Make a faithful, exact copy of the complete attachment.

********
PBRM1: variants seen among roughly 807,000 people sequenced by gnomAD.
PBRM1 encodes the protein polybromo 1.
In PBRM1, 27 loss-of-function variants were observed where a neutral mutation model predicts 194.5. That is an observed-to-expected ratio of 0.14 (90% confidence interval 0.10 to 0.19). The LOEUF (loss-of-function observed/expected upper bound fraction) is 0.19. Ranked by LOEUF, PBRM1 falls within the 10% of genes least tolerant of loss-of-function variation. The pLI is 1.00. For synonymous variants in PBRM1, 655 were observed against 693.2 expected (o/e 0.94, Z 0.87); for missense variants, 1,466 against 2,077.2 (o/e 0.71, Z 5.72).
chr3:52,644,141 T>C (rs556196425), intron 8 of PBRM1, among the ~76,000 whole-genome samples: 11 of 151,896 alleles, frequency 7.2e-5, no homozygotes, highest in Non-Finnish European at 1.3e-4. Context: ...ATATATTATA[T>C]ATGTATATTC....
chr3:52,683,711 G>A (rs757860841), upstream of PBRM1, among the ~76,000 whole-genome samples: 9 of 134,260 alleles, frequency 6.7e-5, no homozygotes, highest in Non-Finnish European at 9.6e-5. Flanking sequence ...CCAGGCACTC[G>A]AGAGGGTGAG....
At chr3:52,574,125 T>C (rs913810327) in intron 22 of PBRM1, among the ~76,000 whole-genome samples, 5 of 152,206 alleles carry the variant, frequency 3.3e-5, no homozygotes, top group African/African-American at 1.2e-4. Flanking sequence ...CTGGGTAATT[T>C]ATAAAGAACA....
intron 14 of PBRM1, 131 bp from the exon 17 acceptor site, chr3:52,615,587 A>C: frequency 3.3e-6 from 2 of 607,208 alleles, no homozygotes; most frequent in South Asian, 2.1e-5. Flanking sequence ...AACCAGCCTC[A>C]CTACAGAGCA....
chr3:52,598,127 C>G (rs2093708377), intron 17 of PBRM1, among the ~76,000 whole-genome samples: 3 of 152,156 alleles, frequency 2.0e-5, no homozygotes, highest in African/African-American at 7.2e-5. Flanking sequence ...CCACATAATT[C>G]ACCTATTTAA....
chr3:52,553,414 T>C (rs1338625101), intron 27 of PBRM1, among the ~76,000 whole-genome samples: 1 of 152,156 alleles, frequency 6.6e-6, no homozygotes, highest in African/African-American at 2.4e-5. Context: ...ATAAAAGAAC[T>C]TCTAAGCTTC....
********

PBRM1: variants seen among roughly 807,000 people sequenced by gnomAD.
PBRM1 encodes the protein polybromo 1.
In PBRM1, 27 loss-of-function variants were observed where a neutral mutation model predicts 194.5. That is an observed-to-expected ratio of 0.14 (90% confidence interval 0.10 to 0.19). The LOEUF (loss-of-function observed/expected upper bound fraction) is 0.19. Ranked by LOEUF, PBRM1 falls within the 10% of genes least tolerant of loss-of-function variation. The pLI is 1.00. For synonymous variants in PBRM1, 655 were observed against 693.2 expected (o/e 0.94, Z 0.87); for missense variants, 1,466 against 2,077.2 (o/e 0.71, Z 5.72).
chr3:52,644,141 T>C (rs556196425), intron 8 of PBRM1, among the ~76,000 whole-genome samples: 11 of 151,896 alleles, frequency 7.2e-5, no homozygotes, highest in Non-Finnish European at 1.3e-4. Context: ...ATATATTATA[T>C]ATGTATATTC....
chr3:52,683,711 G>A (rs757860841), upstream of PBRM1, among the ~76,000 whole-genome samples: 9 of 134,260 alleles, frequency 6.7e-5, no homozygotes, highest in Non-Finnish European at 9.6e-5. Flanking sequence ...CCAGGCACTC[G>A]AGAGGGTGAG....
At chr3:52,574,125 T>C (rs913810327) in intron 22 of PBRM1, among the ~76,000 whole-genome samples, 5 of 152,206 alleles carry the variant, frequency 3.3e-5, no homozygotes, top group African/African-American at 1.2e-4. Flanking sequence ...CTGGGTAATT[T>C]ATAAAGAACA....
intron 14 of PBRM1, 131 bp from the exon 17 acceptor site, chr3:52,615,587 A>C: frequency 3.3e-6 from 2 of 607,208 alleles, no homozygotes; most frequent in South Asian, 2.1e-5. Flanking sequence ...AACCAGCCTC[A>C]CTACAGAGCA....
chr3:52,598,127 C>G (rs2093708377), intron 17 of PBRM1, among the ~76,000 whole-genome samples: 3 of 152,156 alleles, frequency 2.0e-5, no homozygotes, highest in African/African-American at 7.2e-5. Flanking sequence ...CCACATAATT[C>G]ACCTATTTAA....
chr3:52,553,414 T>C (rs1338625101), intron 27 of PBRM1, among the ~76,000 whole-genome samples: 1 of 152,156 alleles, frequency 6.6e-6, no homozygotes, highest in African/African-American at 2.4e-5. Context: ...ATAAAAGAAC[T>C]TCTAAGCTTC....